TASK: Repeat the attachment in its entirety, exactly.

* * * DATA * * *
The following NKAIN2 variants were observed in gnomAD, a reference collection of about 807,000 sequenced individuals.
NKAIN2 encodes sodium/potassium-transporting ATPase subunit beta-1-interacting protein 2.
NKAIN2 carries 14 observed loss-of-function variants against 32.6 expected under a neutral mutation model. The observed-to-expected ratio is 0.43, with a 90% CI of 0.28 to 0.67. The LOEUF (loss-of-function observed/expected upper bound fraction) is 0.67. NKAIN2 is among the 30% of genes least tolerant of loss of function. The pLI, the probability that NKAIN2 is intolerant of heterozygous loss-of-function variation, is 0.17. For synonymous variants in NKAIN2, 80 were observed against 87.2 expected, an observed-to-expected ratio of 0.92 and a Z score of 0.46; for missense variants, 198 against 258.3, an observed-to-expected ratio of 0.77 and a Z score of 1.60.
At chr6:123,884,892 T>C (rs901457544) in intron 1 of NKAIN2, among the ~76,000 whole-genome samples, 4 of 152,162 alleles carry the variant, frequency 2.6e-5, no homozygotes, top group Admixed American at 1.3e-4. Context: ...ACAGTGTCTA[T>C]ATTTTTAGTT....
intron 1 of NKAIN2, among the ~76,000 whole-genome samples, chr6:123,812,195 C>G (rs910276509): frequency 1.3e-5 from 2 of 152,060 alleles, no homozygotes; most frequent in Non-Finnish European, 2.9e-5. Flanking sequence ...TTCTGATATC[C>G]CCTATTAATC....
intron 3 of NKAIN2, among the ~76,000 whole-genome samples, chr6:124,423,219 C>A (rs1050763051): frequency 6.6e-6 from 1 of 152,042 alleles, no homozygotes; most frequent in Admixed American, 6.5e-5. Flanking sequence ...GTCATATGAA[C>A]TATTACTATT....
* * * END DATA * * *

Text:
The following NKAIN2 variants were observed in gnomAD, a reference collection of about 807,000 sequenced individuals.
NKAIN2 encodes sodium/potassium-transporting ATPase subunit beta-1-interacting protein 2.
NKAIN2 carries 14 observed loss-of-function variants against 32.6 expected under a neutral mutation model. The observed-to-expected ratio is 0.43, with a 90% CI of 0.28 to 0.67. The LOEUF (loss-of-function observed/expected upper bound fraction) is 0.67. NKAIN2 is among the 30% of genes least tolerant of loss of function. The pLI, the probability that NKAIN2 is intolerant of heterozygous loss-of-function variation, is 0.17. For synonymous variants in NKAIN2, 80 were observed against 87.2 expected, an observed-to-expected ratio of 0.92 and a Z score of 0.46; for missense variants, 198 against 258.3, an observed-to-expected ratio of 0.77 and a Z score of 1.60.
At chr6:123,884,892 T>C (rs901457544) in intron 1 of NKAIN2, among the ~76,000 whole-genome samples, 4 of 152,162 alleles carry the variant, frequency 2.6e-5, no homozygotes, top group Admixed American at 1.3e-4. Context: ...ACAGTGTCTA[T>C]ATTTTTAGTT....
intron 1 of NKAIN2, among the ~76,000 whole-genome samples, chr6:123,812,195 C>G (rs910276509): frequency 1.3e-5 from 2 of 152,060 alleles, no homozygotes; most frequent in Non-Finnish European, 2.9e-5. Flanking sequence ...TTCTGATATC[C>G]CCTATTAATC....
intron 3 of NKAIN2, among the ~76,000 whole-genome samples, chr6:124,423,219 C>A (rs1050763051): frequency 6.6e-6 from 1 of 152,042 alleles, no homozygotes; most frequent in Admixed American, 6.5e-5. Flanking sequence ...GTCATATGAA[C>A]TATTACTATT....